James Norman Hall (22 April 1887 - 5 July 1951) was an American author best known for the novel Mutiny on the Bounty with co-author Charles Nordhoff. Charles Bernard Nordhoff (February 1, 1887 - April 10, 1947) was an English-born American novelist and traveler. Mutiny on the Bounty is the title of the 1932 novel by Charles Nordhoff and James ...
James Norman Hall (22 April 1887 - 5 July 1951) was an American author best known for the novel Mutiny on the Bounty with co-author Charles Nordhoff. Charles Bernard Nordhoff (February 1, 1887 - April 10, 1947) was an English-born American novelist and traveler. Mutiny on the Bounty is the title of the 1932 novel by Charles Nordhoff and James Norman Hall, based on the mutiny against Lieutenant William Bligh, commanding officer of the Bounty in 1789. It has been made into several films and a musical. It was the first of what became "The Bounty Trilogy," which continues with Men Against the Sea, and concludes with Pitcairn's Island. In this book: The Bounty Trilogy Comprising the Three Volumes: * Mutiny on the Bounty (1932) * Men Against the Sea (1933) * Pitcairn's Island (1934)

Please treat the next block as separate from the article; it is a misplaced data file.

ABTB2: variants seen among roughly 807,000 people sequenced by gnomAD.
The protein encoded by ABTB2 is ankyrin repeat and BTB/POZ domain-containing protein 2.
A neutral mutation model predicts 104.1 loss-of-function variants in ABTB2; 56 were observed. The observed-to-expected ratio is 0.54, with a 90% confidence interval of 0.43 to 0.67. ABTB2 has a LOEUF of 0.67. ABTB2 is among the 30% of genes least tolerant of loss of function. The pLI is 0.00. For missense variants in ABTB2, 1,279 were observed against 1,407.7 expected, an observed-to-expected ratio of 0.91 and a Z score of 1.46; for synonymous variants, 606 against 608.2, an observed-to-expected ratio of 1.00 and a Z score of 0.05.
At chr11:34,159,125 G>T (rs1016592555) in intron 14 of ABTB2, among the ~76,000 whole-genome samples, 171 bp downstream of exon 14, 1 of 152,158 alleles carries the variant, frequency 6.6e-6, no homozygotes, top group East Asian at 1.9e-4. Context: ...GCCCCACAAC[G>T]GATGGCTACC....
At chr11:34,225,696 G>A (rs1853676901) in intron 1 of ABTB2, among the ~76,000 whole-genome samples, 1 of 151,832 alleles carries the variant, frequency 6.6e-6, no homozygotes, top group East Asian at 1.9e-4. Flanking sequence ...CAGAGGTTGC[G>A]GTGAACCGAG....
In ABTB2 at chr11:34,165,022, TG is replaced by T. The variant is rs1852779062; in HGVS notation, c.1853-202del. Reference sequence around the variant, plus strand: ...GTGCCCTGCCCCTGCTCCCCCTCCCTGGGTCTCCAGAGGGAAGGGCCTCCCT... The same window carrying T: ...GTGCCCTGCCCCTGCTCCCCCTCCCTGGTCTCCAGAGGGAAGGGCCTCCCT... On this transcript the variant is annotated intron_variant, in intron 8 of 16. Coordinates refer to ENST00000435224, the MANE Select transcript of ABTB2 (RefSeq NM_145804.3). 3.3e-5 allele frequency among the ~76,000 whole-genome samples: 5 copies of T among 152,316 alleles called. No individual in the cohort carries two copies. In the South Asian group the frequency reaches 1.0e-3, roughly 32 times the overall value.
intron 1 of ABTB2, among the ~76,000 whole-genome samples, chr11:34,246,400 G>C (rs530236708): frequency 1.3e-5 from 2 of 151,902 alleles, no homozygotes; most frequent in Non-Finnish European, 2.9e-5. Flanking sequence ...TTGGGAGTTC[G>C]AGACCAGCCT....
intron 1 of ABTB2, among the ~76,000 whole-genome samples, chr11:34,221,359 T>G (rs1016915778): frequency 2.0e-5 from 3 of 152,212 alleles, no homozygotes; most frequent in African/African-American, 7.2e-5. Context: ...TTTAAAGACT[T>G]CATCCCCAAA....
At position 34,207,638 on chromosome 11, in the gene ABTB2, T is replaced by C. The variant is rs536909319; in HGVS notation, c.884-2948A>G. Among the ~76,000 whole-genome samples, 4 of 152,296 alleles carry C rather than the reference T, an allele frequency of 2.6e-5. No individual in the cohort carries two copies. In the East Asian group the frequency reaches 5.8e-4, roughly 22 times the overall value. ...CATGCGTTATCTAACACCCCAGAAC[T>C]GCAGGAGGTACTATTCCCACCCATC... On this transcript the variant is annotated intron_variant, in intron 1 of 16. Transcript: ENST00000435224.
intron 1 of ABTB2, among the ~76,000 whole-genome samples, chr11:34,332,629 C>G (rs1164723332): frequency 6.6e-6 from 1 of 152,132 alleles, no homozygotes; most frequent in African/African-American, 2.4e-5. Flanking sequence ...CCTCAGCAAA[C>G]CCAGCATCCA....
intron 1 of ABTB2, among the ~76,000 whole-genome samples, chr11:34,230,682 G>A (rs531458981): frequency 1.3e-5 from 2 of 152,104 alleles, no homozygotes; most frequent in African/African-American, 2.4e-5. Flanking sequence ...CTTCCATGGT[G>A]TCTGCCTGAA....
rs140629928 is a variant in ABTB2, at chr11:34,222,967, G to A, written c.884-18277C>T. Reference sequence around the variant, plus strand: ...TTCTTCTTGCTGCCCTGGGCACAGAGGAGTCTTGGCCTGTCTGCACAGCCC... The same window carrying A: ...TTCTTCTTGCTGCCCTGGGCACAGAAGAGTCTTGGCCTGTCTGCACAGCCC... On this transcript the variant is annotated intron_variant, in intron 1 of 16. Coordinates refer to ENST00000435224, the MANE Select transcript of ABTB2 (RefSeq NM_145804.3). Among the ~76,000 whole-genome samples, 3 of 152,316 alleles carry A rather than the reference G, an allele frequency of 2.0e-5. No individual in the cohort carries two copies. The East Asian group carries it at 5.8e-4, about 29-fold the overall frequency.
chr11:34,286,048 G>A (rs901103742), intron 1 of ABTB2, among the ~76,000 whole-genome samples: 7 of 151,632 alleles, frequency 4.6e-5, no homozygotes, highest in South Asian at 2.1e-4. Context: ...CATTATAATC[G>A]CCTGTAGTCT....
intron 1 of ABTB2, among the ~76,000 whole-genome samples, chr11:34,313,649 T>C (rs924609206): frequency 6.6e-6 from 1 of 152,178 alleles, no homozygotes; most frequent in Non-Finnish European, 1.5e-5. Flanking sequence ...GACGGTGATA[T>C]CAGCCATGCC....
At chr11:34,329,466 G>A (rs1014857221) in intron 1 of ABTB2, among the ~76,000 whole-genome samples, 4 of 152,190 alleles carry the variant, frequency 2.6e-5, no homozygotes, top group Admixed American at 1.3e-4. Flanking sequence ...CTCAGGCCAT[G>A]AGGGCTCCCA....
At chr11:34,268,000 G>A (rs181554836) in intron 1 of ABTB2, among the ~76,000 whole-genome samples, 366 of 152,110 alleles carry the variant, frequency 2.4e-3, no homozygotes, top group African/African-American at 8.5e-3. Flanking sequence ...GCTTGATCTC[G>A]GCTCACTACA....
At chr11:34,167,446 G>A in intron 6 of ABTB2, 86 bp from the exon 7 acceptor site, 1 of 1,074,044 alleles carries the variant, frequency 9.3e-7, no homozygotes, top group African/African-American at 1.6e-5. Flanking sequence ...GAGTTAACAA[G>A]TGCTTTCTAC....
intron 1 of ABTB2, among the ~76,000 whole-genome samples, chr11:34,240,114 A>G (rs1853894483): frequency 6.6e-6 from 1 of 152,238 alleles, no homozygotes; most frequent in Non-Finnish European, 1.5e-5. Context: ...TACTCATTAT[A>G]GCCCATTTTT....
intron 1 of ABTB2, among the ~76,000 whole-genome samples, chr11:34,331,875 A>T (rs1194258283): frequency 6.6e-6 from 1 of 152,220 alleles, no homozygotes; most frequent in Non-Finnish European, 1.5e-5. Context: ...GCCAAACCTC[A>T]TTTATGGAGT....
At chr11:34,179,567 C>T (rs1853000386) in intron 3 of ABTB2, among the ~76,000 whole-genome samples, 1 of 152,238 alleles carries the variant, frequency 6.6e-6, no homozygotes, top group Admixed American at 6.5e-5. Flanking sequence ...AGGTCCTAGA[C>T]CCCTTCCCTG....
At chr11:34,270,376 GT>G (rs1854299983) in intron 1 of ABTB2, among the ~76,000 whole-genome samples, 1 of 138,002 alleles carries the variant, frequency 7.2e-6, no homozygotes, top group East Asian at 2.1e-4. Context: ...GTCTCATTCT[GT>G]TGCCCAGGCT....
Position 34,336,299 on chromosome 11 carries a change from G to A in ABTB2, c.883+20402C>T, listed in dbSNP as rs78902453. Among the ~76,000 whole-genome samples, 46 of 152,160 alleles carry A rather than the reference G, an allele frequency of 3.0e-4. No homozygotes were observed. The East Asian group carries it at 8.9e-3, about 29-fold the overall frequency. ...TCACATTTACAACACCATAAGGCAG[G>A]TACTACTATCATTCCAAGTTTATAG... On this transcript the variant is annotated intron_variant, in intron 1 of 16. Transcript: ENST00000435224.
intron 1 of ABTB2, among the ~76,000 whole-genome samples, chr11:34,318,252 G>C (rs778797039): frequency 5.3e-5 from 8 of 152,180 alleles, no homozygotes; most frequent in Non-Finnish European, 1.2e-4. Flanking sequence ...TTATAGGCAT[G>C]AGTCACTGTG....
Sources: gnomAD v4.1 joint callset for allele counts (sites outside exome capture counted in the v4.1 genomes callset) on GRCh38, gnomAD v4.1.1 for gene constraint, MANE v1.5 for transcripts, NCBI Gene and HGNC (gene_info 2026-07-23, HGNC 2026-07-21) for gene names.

This book, first published in 1945, starts with a full account of the last voyage of H.M.S. Bounty, including her final journey to Pitcairn Island where she was beached by the mutineers. It is so well written that this reader felt transported to the high seas and then to the South Sea Islands. The story is thoroughly researched, with references to many original documents: old letters, Captain Bligh's logs of the ship's voyage and of the epic journey of the launch, and the official Proceedings of the Courts Martial. It is written as if it were the memoires of an actial retired officer whose navy career started when he joined H.M.S. Bounty as a midshipman. By mischance he was classed as a mutineer, by lucky chance he was acquitted on the evidence of one witness, and survived to old age. The purpose of the voyage was to transplant a large number of young breadfruit trees from Tahiti to the West Indies, to make a long-term food supply for the slaves. The voyage ended in mutiny because of the foul temper of Captain Bligh, his failure to support his officers, and his frequent use of the cruelest of naval punishments for minor infractions. The second part of the book is an equally well-written account of the extraordinary achievement of Captain Bligh in navigating the overloaded ship's launch 3,600 miles, from The Friendly Islands to Coupang in Batavia. Eventually Bligh and most of his party reached England, where Bligh had to face a Court Martial for losing his ship, and so had several of the crew accused of taking part in the mutiny. The third part is a fictional account of the 18 years on Pitcairn Island, until the first contact with the outside world. The original inhabitants were 9 of the mutineers, 6 Tahitian men and 12 Tahitian women. It is a sad tale of the violence resulting from their failure to meld two cultures, and the mistake of taking a party of fifteen men and only twelve women. A plausible tale is woven from the recollections of the sole male survivor of the 9 mutineers who landed there, and of the Tahitian women who came with them. When a party from the U.S. ship Topaz landed on Pitcairn in 1808 they found a peaceful colony of middle-aged Tahitian women under the benign leadership of the one remaining British seaman, with a bunch of happy teenagers and children who had never known anything different from this bountiful island.
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